Managed services?

There’s a new phrase slowly rumbling through the computer support industry in Australia – managed services.  It’s being helped along by companies like Kaseya, who are trying to convince every one-man-band computer guy that they can earn truckloads by using the Kaseya product.  Problem is, your technology tool of choice is only one small piece of the puzzle to make you a successful managed service provider (MSP).  So, we now have another ‘book & webinar’ spawning industry, trying to each people the secrets of being an MSP, structuring contracts, pitching to customers etc etc.

And, if customers are confused now about choosing between computer support providers, wait until managed services hit them en masse.  Wikipedia translates the concept into “the practice of transferring day-to-day related management responsibility as a strategic method for improved effective and efficient operations”, and in the information services area it lists backups, storage, network, user and systems management.  However, nobody has told the service providers what the standard definition should be, so we’ve all made up our own variations.  Backup management may or may not be included, ‘request’ tasks (like adding new users) may or may not be included, support may be unlimited or still on the clock with a pool of pre-paid hours like traditional support contracts.  What a mess.

So, here are a few tips if your computer guys calls all enthusiatically about this new ‘managed services’ stuff he’s doing:

– Check the fine print and know what is/isn’t included

– Make sure that backup management is covered, unless you are prepared to monitor your own backup results daily and perform test restorations weekly

– See if you are getting a good deal re the included support time or results

– See who he has to back him up if you are on this fantastic plan and his wife gets sick or he wants to take a holiday

– Make sure you get some sort of a regular report that proves they are actually doing something for your money, cause with remote capabilities you may not see them onsite as much

Managed services should be all about preventing problems from happening in the first place, and letting your computer guy handle easy stuff that you don’t need to worry about.  If it doesn’t do that, then what’s the point.

If you are in I.T and are contemplating moving into managed services (especially in the small business market), good luck with putting together your offer, costings/pricing, advertising, sales pitches & marketing materials, operational processes etc etc.  Or you could just join a franchise 🙂  http://www.ctaspley.com.au/joinus.htm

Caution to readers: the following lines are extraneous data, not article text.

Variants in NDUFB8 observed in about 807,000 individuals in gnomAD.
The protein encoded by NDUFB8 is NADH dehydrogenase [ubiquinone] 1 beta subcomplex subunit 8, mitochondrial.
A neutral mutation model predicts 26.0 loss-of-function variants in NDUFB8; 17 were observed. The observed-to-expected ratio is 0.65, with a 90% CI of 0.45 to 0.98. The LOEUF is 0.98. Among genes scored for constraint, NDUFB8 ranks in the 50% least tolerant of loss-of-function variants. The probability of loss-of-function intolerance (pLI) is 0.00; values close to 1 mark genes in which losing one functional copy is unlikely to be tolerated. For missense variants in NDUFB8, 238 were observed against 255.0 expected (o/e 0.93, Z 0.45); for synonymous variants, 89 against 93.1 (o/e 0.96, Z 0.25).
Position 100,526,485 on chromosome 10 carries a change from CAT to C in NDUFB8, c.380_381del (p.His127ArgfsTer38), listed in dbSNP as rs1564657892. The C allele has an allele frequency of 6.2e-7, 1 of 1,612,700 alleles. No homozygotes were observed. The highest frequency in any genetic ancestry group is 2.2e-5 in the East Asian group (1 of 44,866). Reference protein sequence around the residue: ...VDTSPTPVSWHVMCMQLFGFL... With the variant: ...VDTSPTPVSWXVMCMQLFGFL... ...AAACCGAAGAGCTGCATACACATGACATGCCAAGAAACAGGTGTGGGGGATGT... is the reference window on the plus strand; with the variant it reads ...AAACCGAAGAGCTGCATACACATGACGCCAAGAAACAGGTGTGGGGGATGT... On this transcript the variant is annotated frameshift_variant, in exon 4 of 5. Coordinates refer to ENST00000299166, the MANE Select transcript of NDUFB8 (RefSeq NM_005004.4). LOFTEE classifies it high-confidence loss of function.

-SCuff

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10 thoughts on “Managed services?

  1. Jeff, surprisingly most of our franchisees dont plan on building a huge money making empire, but enjoy the comraderie of being part of a group, both for technical and business support. Whilst we produce and distribute a ton of ‘canned’ material from head office, we have as much (if not more) material circulating that has been developed, tested and shared by franchisees themselves, and the flexibility to allow you to try anything on your own. I know franchising can be a dirty word though and there is definately a huge range of different styles of IT franchises. And absolutely, if you dont enjoy what you are doing, what’s the point 🙂

  2. I have a very similar take on the whole managed services business and just wrote a blog on the possible pit-falls affecting small computer shops and businesses in Southern California.

    But I have a slightly different view point concerning the franchising. I like to remain as independent as possible and do not plan to join a franchise. I may not become wealthy, but I still enjoy what I’m doing.

    Jeff Bales

  3. I understand your comment about home user-focussed franchises and yes, they do seem to be the majority. Computer Troubleshooters has a great niche spot for us ‘corporate refugees’ who feel comfortable dealing with businesses and want to own and run our own business too. There is more to small I.T shops that home PC virus cleanups, and a lot of potential in a business customer base that is not addressed by the big CBD-based IT crowds.

  4. Pingback: Computer Repair Saskatoon » Late breaking news

  5. We’re continually flummoxed by the stuff spewing forth from guys trying to sell Managed Services bloatware to every IT support company under the sun. We just don’t agree that it should be that complex – for both Managed Services provider and Managed Services consumer. I think the worst thing a support company can do in this area of emerging thinking is to dive in with both feet to a big bloated software package without really understanding the true requirements of the business model. Keeping the whole thing simple – including franchising – sounds good to us.

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